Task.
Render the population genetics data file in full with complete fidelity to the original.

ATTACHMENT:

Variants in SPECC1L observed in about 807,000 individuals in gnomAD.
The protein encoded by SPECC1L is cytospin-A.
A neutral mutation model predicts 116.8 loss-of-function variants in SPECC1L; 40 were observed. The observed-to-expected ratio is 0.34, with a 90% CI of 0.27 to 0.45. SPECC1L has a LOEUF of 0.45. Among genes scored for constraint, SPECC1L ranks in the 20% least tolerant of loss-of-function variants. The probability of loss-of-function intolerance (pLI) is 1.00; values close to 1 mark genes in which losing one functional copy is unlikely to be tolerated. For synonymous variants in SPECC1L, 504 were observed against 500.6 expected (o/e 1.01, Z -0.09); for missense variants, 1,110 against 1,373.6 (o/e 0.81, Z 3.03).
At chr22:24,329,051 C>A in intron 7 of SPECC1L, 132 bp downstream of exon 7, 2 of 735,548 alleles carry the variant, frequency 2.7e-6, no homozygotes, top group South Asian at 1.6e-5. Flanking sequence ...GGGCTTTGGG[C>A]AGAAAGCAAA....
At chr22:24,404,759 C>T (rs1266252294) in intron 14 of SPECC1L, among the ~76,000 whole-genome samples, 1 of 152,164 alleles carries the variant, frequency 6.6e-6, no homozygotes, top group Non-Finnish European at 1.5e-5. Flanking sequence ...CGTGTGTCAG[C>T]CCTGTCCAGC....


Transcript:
Variants in SPECC1L observed in about 807,000 individuals in gnomAD.
The protein encoded by SPECC1L is cytospin-A.
A neutral mutation model predicts 116.8 loss-of-function variants in SPECC1L; 40 were observed. The observed-to-expected ratio is 0.34, with a 90% CI of 0.27 to 0.45. SPECC1L has a LOEUF of 0.45. Among genes scored for constraint, SPECC1L ranks in the 20% least tolerant of loss-of-function variants. The probability of loss-of-function intolerance (pLI) is 1.00; values close to 1 mark genes in which losing one functional copy is unlikely to be tolerated. For synonymous variants in SPECC1L, 504 were observed against 500.6 expected (o/e 1.01, Z -0.09); for missense variants, 1,110 against 1,373.6 (o/e 0.81, Z 3.03).
At chr22:24,329,051 C>A in intron 7 of SPECC1L, 132 bp downstream of exon 7, 2 of 735,548 alleles carry the variant, frequency 2.7e-6, no homozygotes, top group South Asian at 1.6e-5. Flanking sequence ...GGGCTTTGGG[C>A]AGAAAGCAAA....
At chr22:24,404,759 C>T (rs1266252294) in intron 14 of SPECC1L, among the ~76,000 whole-genome samples, 1 of 152,164 alleles carries the variant, frequency 6.6e-6, no homozygotes, top group Non-Finnish European at 1.5e-5. Flanking sequence ...CGTGTGTCAG[C>T]CCTGTCCAGC....